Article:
Review: Superior Donuts

The mess and joy of life, from behind a shop counter

By: Sophie Gilbert

Star rating: *** out of four

Of all the places you’d expect to find a sensitive, thoughtful discussion about identity, a North Side Chicago doughnut shop probably doesn’t top the list. Which is presumably what Tracy Letts was counting on when he wrote Superior Donuts, his 2008 follow-up to the Pulitzer Prize-winning August: Osage County.

The play’s premise—a gruff old white hippie befriends a young African-American—along with the opening scene, in which a Russian curses “little black bastards” and a black cop curses “Russians and Polacks,” suggests that this is going to be some kind of enlightenment story, a mostly male, multicultural Driving Miss Daisy. Instead, Letts deftly tricks us into confronting our own biases before he abandons the theme of race altogether and launches into a nuanced and moving examination of friendship and loneliness.

When the cocky, charismatic young black man Franco Wicks (Johnny Ramey) knocks on shopkeeper Arthur Przybyszewski’s door looking for a job, Arthur (Richard Cotovsky) is half-heartedly cleaning up after his store, Superior Donuts, has been vandalized. But as the characters interact, it becomes clear they couldn’t care less about race. Arthur, a disillusioned beatnik living in self-imposed isolation, is forced out of his grouchy shell by Franco, a writer and college dropout who resists Arthur’s negative view of the world, often acting out and deliberately goading his employer.

When optimist and pessimist meet like this, it’s only a matter of time before both are forced to reevaluate their world views. Franco’s talent, charm, and blinkered sense of hope pry Arthur out of his isolation—not to mention his wardrobe of slobby T-shirts, Converse sneakers, and fuzzy gray ponytail—into a potential romance with a local cop, Randy, played likably by Julie-Ann Elliott. Arthur’s stoicism, meanwhile, comes in handy when Franco falls victim to a local gambling shark, Luther (Chris Genebach).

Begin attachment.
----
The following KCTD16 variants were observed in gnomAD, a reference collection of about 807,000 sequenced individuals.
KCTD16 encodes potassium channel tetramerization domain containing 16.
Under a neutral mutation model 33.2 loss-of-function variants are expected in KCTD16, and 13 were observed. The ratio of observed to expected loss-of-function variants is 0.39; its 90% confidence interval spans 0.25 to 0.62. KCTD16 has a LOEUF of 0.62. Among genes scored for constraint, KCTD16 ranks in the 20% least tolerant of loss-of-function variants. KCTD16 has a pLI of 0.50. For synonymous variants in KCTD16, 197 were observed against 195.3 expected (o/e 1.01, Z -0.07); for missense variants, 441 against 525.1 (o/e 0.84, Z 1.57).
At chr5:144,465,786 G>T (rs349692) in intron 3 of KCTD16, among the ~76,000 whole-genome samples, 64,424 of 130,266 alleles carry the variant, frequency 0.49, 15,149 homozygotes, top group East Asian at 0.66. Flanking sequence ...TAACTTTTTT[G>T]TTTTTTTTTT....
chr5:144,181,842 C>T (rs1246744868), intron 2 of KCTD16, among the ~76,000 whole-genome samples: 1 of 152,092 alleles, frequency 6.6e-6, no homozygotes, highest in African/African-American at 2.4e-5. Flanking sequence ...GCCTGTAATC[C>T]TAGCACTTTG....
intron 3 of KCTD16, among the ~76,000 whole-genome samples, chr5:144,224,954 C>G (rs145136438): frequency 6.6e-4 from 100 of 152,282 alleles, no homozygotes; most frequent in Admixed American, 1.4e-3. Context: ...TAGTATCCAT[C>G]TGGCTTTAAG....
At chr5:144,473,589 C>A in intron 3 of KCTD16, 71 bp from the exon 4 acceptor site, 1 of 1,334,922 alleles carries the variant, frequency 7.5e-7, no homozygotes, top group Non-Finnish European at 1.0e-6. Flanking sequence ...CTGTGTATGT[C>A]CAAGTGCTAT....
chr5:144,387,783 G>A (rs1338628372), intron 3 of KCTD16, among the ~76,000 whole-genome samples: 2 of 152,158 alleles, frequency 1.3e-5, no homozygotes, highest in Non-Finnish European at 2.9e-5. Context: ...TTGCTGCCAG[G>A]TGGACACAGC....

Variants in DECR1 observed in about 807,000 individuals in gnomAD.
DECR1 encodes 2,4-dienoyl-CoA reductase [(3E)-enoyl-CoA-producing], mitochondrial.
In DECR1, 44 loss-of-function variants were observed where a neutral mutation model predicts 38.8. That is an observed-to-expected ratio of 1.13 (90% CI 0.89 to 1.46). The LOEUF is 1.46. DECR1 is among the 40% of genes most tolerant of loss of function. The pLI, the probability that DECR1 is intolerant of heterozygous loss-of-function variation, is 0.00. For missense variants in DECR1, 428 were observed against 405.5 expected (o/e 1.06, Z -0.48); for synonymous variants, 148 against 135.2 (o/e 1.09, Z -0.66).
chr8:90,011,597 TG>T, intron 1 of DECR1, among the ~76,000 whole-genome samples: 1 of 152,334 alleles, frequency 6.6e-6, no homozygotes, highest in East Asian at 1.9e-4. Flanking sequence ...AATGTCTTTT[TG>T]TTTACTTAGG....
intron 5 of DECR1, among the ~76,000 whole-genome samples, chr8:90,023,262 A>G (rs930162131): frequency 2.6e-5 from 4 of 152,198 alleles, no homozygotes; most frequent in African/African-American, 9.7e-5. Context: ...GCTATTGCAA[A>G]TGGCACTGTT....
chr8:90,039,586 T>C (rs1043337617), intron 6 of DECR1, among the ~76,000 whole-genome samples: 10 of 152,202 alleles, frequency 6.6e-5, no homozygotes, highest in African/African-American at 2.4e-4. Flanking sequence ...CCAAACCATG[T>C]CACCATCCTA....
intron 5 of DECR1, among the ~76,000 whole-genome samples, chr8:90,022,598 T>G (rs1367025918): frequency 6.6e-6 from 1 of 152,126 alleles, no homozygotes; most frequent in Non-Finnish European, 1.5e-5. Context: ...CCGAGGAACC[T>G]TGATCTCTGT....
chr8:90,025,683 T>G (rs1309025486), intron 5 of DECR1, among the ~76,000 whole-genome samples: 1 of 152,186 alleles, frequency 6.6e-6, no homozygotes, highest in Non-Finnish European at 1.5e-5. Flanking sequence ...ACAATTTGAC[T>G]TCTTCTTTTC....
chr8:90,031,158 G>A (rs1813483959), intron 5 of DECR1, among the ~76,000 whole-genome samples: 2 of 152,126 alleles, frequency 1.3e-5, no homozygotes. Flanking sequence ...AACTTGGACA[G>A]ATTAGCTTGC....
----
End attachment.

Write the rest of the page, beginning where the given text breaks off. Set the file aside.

The script has its flaws: Franco never rings true as a problem gambler, and he drops references to Charles Lindbergh, the Grateful Dead, and echinacea with an ease that seems more suited to a middle-aged playwright than a 21-year-old sometime student. The timing between cues occasionally feels sloppy, and the main storylines, such as one about Franco’s great American novel, feel forced. What’s more, it’s hard to believe that a young man in 2009 would compose his life’s work on legal pads rather than a laptop.

But Letts’s play—directed with thoughtfulness and frequent visual jokes by Serge Selden—is strongest when it delivers heartbreaking glimpses of humanity, such as a scene in which Arthur helps Franco piece his life back together after a tragedy and another in which a Russian thug (Aaron Tone) gently guides a confused old lady (Barbara Broughton) back to her chair. Chicago theater institution Richard Cotovsky delivers an understated, compelling performance as Arthur, and he deserves credit along with Chris Genebach for taking part in one of the best fight scenes in recent memory. Johnny Ramey, who reportedly stepped in at the last minute to play Franco, delivers a mesmerizing performance. Russell Metheny’s appropriately cluttered set shows the back view of the doughnut shop rather than the front, forcing the audience to see things from Arthur’s unglamorous perspective.

Superior Donuts
isn’t perfect, but it has moments of brilliance as well as a clunky, nostalgic charm.

At Studio Theatre through December 19. Tickets ($44 to $65) available here.

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